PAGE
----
There's an increasing number of people that, nowadays, have the privilege of finding purpose through work. With an internet connection, even those who work for a paycheck have the means of discovering professions that could provide them with a sense of purpose.
It is tricky, though, that we think of purpose as something we'd find and live with it for the rest of our lives. This kind of logic ignores that individuals are constantly evolving, changing, so as our supposed purpose.
What is Ikigai?
Ikigai is a Japanese concept that means something similar to "reason for being". It suggests that instead of thinking of work as a social obligation, you can find a sense of purpose by working on something you love, you are good at, can be paid for and it's, somehow, needed by the world.
This framework is a tool for identifying symptoms that can reveal what's missing from your equation. For example, you're feeling delighted and fulfilled doing what you do, but it isn't creating your wealth. Or, perhaps, you're making lots of money and you're good at what you do, although you're still having feelings of emptiness.
How and when to use the Ikigai framework
Begin by making a list of things that are inside each component. By filling it with personal non-work-related stuff, you might uncover aspects in your life that are being neglected but could help you find fulfillment - as soon as they're brought into your professional life.
I suppose you already know what you love and what you are good at, but if that's not clear enough you should be experimenting (and failing) more. In relation to what you can be paid for, we're not talking about what you ARE being paid for: your task is to discover things out of your radar that can do that.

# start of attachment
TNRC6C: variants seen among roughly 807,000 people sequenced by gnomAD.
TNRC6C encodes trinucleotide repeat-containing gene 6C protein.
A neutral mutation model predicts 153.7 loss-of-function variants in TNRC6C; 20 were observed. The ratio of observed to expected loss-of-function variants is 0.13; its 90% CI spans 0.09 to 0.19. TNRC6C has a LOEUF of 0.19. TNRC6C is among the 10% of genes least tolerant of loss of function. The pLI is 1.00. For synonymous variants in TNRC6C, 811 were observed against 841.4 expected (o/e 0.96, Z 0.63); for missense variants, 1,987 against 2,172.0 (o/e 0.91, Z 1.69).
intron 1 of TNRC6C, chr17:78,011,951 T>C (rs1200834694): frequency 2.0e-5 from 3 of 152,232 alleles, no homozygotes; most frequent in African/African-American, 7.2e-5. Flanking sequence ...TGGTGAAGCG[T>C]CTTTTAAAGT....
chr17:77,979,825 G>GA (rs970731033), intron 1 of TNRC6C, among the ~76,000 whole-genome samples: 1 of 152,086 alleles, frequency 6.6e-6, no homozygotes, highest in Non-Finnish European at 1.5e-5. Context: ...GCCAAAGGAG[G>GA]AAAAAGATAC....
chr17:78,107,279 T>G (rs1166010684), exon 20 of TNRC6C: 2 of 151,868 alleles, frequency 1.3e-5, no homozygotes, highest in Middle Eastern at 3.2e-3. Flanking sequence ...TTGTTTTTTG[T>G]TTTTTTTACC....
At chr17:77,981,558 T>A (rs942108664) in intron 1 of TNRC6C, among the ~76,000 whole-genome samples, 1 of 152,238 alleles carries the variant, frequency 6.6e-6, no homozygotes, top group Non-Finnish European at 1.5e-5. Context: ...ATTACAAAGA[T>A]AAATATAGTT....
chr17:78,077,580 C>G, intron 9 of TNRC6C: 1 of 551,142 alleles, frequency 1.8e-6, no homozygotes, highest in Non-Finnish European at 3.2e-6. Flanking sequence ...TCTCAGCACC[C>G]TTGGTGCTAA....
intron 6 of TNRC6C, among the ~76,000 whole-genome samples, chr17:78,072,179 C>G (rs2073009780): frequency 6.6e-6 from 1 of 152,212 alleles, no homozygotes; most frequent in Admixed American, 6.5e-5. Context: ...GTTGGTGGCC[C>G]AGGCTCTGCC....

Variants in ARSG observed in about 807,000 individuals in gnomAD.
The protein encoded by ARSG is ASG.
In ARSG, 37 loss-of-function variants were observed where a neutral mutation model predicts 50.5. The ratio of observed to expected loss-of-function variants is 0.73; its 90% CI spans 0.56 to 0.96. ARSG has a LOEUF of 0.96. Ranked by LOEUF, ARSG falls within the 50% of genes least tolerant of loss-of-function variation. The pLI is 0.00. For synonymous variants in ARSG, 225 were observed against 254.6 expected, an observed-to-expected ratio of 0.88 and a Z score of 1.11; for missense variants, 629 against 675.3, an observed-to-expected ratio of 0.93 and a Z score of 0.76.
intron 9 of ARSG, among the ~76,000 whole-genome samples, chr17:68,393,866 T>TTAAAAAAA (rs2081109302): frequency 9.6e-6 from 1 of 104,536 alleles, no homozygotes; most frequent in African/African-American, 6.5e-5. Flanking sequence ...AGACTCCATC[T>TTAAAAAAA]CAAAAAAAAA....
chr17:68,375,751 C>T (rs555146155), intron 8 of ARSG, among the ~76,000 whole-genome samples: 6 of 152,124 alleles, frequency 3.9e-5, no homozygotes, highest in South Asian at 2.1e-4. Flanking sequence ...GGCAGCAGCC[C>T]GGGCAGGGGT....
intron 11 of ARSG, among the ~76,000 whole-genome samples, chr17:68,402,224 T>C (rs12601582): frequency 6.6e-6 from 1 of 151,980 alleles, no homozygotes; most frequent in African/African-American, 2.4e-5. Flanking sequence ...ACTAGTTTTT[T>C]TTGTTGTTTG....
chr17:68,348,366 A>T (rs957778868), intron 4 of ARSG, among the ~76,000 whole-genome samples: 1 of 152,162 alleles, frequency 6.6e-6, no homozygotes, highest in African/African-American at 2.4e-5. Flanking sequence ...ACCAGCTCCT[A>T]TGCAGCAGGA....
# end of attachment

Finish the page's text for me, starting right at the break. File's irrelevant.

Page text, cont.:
The most nebulous question to answer, at least for me, is what the world needs. A tip here is to define which world you want to impact. Is it the Earth? Your country? Your community? Your family? No right or wrong. No judgments. It's very altruistic to have a similar purpose to Elon Musk's, but as he said once in an interview, "you don't want to be me".
Remember that there's nothing wrong with wanting to impact solely your country, or your local community. There's immense satisfaction to be found in contributing to the world somehow, it's a higher psychological need we've inherited from our ancestors.
Be mindful, though, that to live doing only what you love and what gives you money might, sooner or later, make you feel bored and empty. That will be the moment when this framework can be the most useful.